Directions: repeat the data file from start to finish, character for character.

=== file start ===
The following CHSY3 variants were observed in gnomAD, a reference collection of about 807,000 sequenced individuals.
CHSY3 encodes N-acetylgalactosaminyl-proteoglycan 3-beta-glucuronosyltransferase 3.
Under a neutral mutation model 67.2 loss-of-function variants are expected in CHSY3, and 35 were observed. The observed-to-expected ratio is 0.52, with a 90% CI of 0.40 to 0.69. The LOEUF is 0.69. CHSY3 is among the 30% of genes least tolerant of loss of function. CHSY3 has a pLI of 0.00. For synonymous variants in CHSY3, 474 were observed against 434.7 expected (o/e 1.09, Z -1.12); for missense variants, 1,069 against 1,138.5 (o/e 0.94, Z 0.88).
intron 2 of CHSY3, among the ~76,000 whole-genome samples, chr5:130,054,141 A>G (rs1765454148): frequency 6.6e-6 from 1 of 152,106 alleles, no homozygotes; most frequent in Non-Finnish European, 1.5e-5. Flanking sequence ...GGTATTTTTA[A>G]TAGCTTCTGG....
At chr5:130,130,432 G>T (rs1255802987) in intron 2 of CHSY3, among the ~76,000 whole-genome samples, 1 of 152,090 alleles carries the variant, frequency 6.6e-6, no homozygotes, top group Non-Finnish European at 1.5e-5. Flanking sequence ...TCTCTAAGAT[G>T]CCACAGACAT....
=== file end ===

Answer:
The following CHSY3 variants were observed in gnomAD, a reference collection of about 807,000 sequenced individuals.
CHSY3 encodes N-acetylgalactosaminyl-proteoglycan 3-beta-glucuronosyltransferase 3.
Under a neutral mutation model 67.2 loss-of-function variants are expected in CHSY3, and 35 were observed. The observed-to-expected ratio is 0.52, with a 90% CI of 0.40 to 0.69. The LOEUF is 0.69. CHSY3 is among the 30% of genes least tolerant of loss of function. CHSY3 has a pLI of 0.00. For synonymous variants in CHSY3, 474 were observed against 434.7 expected (o/e 1.09, Z -1.12); for missense variants, 1,069 against 1,138.5 (o/e 0.94, Z 0.88).
intron 2 of CHSY3, among the ~76,000 whole-genome samples, chr5:130,054,141 A>G (rs1765454148): frequency 6.6e-6 from 1 of 152,106 alleles, no homozygotes; most frequent in Non-Finnish European, 1.5e-5. Flanking sequence ...GGTATTTTTA[A>G]TAGCTTCTGG....
At chr5:130,130,432 G>T (rs1255802987) in intron 2 of CHSY3, among the ~76,000 whole-genome samples, 1 of 152,090 alleles carries the variant, frequency 6.6e-6, no homozygotes, top group Non-Finnish European at 1.5e-5. Flanking sequence ...TCTCTAAGAT[G>T]CCACAGACAT....